Tax Savings Ideas
The non-profit Florida TaxWatch helps government leaders locate savings - and it can add up.
In January, Florida had 481 people locked up in state prison for driving with a suspended license. The average sentence is 2½ years. It costs Florida $20,108 per year to keep an inmate in custody.
As drivers with suspended licenses go, these 481 aren't your garden-variety traffic offenders: They must have been convicted twice before of the offense and must have failed to pay child support, a court fine or some similar judgment. They also at some point in the past must have been convicted of a felony involving the use of force — though separate from the driving infraction.
Against a $70.5-billion state budget and a budget shortfall of $3.6 billion, saving the $9.7 million it takes to keep these drivers locked up for a year is minuscule. But in the current no-tax environment, making small-change savings add up is a big part of the game.
Finding a few million — and sometimes billions — under the state's couch cushions is a key mission of Tallahassee-based Florida TaxWatch. Last year, the non-profit directed a task force comprising a who's who of state business leaders, plus the two party nominees for governor, Democrat and then-state CFO Alex Sink and Republican Rick Scott, to find upward of $4 billion in savings from Florida government.
"People say the low-hanging fruit is gone. We absolutely don't agree with that." — Robert E. Weissert, general counsel/vice president for research, TaxWatch [Photo: Ray Stanyard]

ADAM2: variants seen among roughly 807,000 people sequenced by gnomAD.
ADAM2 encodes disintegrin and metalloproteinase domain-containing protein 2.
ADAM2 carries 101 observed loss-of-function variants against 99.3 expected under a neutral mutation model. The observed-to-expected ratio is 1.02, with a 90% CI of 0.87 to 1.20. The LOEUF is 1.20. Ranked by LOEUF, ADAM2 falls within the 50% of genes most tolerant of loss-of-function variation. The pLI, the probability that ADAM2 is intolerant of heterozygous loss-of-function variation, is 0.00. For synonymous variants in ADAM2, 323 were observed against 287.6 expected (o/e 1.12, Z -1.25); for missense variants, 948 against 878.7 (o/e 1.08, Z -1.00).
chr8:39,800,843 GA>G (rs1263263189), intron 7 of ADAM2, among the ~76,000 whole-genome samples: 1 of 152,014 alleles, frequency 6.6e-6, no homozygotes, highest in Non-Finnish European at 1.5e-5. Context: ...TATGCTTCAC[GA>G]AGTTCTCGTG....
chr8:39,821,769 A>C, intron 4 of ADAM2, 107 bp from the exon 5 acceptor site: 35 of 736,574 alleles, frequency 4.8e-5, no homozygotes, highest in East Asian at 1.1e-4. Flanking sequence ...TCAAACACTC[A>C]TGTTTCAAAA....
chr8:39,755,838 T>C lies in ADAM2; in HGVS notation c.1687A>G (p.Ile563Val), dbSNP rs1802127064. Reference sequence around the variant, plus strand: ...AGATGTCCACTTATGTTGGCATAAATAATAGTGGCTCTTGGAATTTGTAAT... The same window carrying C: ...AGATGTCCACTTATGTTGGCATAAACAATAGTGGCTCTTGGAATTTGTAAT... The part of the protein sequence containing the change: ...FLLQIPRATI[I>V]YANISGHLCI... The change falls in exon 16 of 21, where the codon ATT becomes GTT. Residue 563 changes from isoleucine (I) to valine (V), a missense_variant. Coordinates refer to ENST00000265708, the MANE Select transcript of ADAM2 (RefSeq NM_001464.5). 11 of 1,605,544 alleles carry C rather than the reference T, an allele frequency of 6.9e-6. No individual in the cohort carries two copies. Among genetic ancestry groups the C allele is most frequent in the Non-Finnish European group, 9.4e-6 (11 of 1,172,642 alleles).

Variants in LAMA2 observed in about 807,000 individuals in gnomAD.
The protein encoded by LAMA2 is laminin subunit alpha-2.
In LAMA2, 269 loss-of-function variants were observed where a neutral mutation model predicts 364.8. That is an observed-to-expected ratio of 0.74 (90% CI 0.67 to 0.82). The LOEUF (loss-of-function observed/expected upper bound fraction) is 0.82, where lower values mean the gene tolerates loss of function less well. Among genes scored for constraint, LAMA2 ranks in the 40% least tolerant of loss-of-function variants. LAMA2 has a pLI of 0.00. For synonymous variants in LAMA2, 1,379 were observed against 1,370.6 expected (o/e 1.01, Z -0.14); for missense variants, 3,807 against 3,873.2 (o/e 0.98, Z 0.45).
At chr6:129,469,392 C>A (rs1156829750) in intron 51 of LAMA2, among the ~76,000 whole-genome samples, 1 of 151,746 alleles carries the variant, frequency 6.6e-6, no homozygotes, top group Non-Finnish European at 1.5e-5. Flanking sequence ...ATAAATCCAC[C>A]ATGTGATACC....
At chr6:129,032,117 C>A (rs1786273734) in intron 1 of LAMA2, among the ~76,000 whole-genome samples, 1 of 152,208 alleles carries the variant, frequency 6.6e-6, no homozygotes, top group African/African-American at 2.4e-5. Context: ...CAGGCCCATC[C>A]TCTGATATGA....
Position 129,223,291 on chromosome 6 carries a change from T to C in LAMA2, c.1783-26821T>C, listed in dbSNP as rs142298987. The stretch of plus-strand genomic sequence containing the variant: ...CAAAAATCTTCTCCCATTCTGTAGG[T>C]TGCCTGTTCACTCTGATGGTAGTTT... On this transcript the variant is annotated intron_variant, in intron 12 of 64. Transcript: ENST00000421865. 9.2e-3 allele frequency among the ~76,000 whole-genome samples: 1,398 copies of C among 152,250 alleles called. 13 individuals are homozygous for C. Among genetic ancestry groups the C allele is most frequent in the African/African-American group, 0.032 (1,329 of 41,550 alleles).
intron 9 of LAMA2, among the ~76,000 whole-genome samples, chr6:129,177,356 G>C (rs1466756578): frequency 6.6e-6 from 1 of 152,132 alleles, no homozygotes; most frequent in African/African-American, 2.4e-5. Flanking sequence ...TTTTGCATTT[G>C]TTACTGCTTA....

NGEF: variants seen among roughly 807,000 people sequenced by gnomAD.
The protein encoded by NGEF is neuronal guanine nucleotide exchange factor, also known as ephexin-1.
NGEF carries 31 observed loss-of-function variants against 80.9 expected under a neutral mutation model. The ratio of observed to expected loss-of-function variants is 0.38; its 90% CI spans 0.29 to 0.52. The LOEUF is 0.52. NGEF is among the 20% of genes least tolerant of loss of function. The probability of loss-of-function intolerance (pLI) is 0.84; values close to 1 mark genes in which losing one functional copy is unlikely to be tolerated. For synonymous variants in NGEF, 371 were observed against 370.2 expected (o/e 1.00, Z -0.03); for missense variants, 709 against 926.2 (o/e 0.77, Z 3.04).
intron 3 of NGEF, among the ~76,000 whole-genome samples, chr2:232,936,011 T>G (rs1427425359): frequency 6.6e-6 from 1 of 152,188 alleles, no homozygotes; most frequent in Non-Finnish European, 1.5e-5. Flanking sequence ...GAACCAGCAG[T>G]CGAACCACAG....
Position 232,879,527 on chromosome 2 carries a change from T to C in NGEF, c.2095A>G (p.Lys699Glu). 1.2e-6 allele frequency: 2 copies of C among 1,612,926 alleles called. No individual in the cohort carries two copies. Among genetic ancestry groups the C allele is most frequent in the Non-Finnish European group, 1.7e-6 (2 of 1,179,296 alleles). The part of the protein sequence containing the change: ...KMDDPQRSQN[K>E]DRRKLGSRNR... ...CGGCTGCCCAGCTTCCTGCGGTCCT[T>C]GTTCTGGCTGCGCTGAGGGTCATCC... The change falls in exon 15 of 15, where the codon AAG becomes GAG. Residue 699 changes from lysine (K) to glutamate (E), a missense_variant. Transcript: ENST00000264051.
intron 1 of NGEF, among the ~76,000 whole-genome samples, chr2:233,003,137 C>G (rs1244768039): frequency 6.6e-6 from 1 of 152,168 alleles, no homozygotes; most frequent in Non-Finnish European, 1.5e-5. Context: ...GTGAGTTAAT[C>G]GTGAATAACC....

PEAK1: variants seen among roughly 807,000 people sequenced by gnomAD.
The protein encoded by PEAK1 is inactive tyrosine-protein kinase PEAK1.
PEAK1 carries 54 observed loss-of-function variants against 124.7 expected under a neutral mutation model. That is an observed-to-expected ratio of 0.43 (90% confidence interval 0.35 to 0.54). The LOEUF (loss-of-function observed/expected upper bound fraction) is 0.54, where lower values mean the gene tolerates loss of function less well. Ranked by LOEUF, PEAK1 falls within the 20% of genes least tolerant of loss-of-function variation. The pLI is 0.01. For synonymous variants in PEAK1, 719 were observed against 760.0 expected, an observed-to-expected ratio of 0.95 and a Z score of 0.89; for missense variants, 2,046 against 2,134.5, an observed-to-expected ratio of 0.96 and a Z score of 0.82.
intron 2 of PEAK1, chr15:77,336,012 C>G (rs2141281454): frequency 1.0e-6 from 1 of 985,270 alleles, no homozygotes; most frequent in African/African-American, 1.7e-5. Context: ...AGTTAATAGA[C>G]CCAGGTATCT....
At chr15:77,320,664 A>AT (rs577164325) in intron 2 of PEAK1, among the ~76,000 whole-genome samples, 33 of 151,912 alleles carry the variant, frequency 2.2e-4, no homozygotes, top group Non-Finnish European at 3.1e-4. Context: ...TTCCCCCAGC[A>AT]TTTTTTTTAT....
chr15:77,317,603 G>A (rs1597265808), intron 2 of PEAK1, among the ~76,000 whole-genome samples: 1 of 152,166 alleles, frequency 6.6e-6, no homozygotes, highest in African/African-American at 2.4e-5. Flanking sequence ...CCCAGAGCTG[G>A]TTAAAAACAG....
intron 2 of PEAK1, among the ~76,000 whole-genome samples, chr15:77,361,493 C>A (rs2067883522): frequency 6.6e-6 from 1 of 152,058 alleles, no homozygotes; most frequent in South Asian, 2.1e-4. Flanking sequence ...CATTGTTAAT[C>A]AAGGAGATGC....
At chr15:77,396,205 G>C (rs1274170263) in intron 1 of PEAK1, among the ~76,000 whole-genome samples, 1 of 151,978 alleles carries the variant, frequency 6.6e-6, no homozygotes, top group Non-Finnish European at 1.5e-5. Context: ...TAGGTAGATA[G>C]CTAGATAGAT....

Those who follow state budgeting closely suggest caution when looking at the tally of potential savings, however. Legislators haven't embraced some because they view them as either impractical or politically radioactive. Additionally, some TaxWatch proposals may save money over the long haul but won't solve this year's shortfall.
Some, of course, turn out not to provide as much savings as thought.
"Like anything else, once you get into it, it's more complicated than you think," says Glenn W. Robertson, president of Glenn W. Robertson & Associates consulting firm in Tallahassee, and a former director of state planning and budgeting and director of policy and finance for three governors.
The task force's staff director, attorney Robert E. Weissert, TaxWatch's general counsel and vice president for research, says the state has saved more than $3 billion by taking recommendations from a $5-billion list TaxWatch offered for the past couple of legislative sessions. He recognizes the political difficulties facing some of the group's proposals, but with the budget deficit, "now is the time when these things are really catching people's attention. Some of these things are well past due."
» Next page: TaxWatch Arithmetic